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Hundreds more PMS practices offered ‘transition’ deals to switch to GMS

Exclusive Hundreds more PMS practices have been offered a deal to switch to a GMS contract, with other areas set to follow suit, Pulse understands.

The NHS England East Anglia area team has given the 149 practices in its region until the end of July to take up the offer, which will phase out the reduction in their PMS premium payments in an attempt to prevent ‘significant’ destabilisation from the PMS review led by NHS England.

This was after an area team analysis estimated that two-thirds of practices stand to lose more than £100k a year as a result of the ongoing review of the local contracts as they were ‘delivering core services at a higher cost than GMS practices’ while ‘not generally delivering services or quality beyond that which would be expected from a GMS practice’.

Pulse can reveal that a number of areas are also considering offering transition deals, following those offered by the East Anglia team, and those already put it place in Essex, which was taken up by 63 of Essex LMC’s 100 PMS practices

The analysis by the East Anglia LAT that found 67 practices were estimated to lose between £100,000 to £199,000 annually and 42 practices were set to lose more than £200,000 as a result of NHS England’s PMS review, while only two practices were set to gain.

The practices in Cambridgeshire, Norfolk and Suffolk are being offered the choice between a direct move to GMS – an option which the LAT said ‘would make no financial sense’ – remaining on PMS and undergoing a review, or the new ‘transition offer’, which will gradually bring practices in line with the predicted ‘seven-year endpoint’ for GMS practices of £78.33 per patient.

The scheme will see any funding removed from PMS reinvested into primary care to support patient care, and local LMC leaders told Pulse that the scheme offers practices ‘certainty’ that other regions don’t have.

The East Anglia LAT’s proposal says: ‘Many of the PMS practices appear to be delivering core services at a higher cost than GMS practices.’

‘Without prejudice to the outcome of any PMS reviews, the area team considers that most PMS practices are not generally delivering services or quality beyond that which would be expected from a GMS practice.’

It explains that practices wishing to take up the offer can ‘opt to revert to a GMS contract and apply for transitional support’.

The proposal adds: ‘It is proposed that the funding released through the PMS review/transition will form a General Practice Transformation Fund held by the area team. […] This funding will be available to all practices in East Anglia to support developments in line with the agreed primary care strategy.’

Dr Ian Hume, medical secretary for Norfolk and Waveney LMC, and GPC representative for Norfolk and Suffolk, told Pulse that he would prefer more national investment, rather than disinvestment, in general practice but stressed the deal they had developed offered practices security.

Dr Hume told Pulse: ‘This is a deal we’ve been working with to try to give practices further options to maintain stability and certainty going forward.’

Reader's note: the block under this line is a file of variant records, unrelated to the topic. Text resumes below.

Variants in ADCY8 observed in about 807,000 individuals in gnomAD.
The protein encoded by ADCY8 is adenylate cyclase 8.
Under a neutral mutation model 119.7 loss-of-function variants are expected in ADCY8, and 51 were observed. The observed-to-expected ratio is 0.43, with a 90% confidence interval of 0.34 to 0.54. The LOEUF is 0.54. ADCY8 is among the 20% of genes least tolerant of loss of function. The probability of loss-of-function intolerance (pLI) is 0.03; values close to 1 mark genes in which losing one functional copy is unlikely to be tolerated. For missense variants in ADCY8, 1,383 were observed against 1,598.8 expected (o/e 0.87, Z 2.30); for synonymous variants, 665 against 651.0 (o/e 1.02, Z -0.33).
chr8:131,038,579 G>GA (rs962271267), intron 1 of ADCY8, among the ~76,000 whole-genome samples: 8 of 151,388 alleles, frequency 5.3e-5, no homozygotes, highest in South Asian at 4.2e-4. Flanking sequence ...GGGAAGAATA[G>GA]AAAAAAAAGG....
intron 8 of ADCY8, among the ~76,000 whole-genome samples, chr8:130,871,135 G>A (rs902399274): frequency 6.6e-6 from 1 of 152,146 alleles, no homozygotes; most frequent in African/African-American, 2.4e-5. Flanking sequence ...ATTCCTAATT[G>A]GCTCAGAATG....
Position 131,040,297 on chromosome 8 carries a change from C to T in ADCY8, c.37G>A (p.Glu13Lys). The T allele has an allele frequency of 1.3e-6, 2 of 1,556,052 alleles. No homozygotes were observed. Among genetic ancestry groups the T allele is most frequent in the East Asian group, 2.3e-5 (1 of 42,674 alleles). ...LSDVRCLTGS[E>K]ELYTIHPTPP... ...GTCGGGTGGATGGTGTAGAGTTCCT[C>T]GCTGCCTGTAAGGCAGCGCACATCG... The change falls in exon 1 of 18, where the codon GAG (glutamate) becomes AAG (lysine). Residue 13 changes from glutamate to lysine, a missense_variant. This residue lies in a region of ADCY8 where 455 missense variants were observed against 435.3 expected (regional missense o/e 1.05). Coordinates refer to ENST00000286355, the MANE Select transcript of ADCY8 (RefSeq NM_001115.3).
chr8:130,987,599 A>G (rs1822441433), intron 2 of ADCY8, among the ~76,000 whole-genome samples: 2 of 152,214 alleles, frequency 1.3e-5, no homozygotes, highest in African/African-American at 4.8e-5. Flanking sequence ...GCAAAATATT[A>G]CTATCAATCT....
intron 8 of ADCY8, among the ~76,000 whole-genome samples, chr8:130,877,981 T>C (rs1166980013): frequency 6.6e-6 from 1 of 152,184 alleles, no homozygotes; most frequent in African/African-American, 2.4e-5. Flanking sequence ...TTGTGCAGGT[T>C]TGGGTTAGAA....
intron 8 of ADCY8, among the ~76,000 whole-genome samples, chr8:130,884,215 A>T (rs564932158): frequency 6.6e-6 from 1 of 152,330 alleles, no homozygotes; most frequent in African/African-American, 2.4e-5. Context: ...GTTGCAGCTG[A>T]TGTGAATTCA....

He added: ‘The important things are the principles we’ve agreed that the funding remains within clinical care so it’s not going off into other things like QIPP. It’s remaining within primary care to deliver clinical services, which means it benefits all practices.’

‘And also, to give a degree of certainty and show that you will not be going below the seven-year endpoint.’

Pulse has also identified another region, Lancashire, where the area team has agreed to consult with LMCs and CCGs in identifying the additional services delivered by practices.

Lancashire is also looking at a scheme to protect a proportion of PMS funding, equivalent to the MPIG uplift for GMS practices, which will be phased out at the same rate as MPIG.

Peter Higgins, chief executive of Lancashire and Cumbria LMCs, said that negotiations were still underway but that the LMC was looking to avoid destabilising already ‘stressed’ practices.

He told Pulse: ‘We’re looking at what services [PMS practices] are providing, and if they are providing services over core service, or an enhanced level of quality. We will agree, between the area team, ourselves and the CCG if they are to be funded in future.’

‘It’s a triumvirate, a three-way thing, at the end of the day the area team will make that decision but they’ll do it in close consultation with the CCG and ourselves. Because this is something that’s got the potential to destabilise primary care, and reduce services for patients in areas that are particularly stressed.’

Dr David Jenner, the PMS lead for NHS Alliance, said that more regions are looking at making such a deal.

He said: ‘I think the same conversations are going on in many places. Things like the Essex deal are being shared as a potential way forward – I think if you went across the patch, you’d find lots of people talking about it. But not so many people ready to say exactly what the deal is.’

Katie Norton, director of commissioning for NHS England East Anglia, told Pulse: ‘The East Anglia area team has developed a number of options for PMS practices to consider. These have been developed in the context of the NHS England requirement for all Area Teams to undertake a PMS Review.  We believe that the options reflect our shared commitment to quality, service stability and fair funding and seeks to respond to the issues and risks that have been highlighted locally.’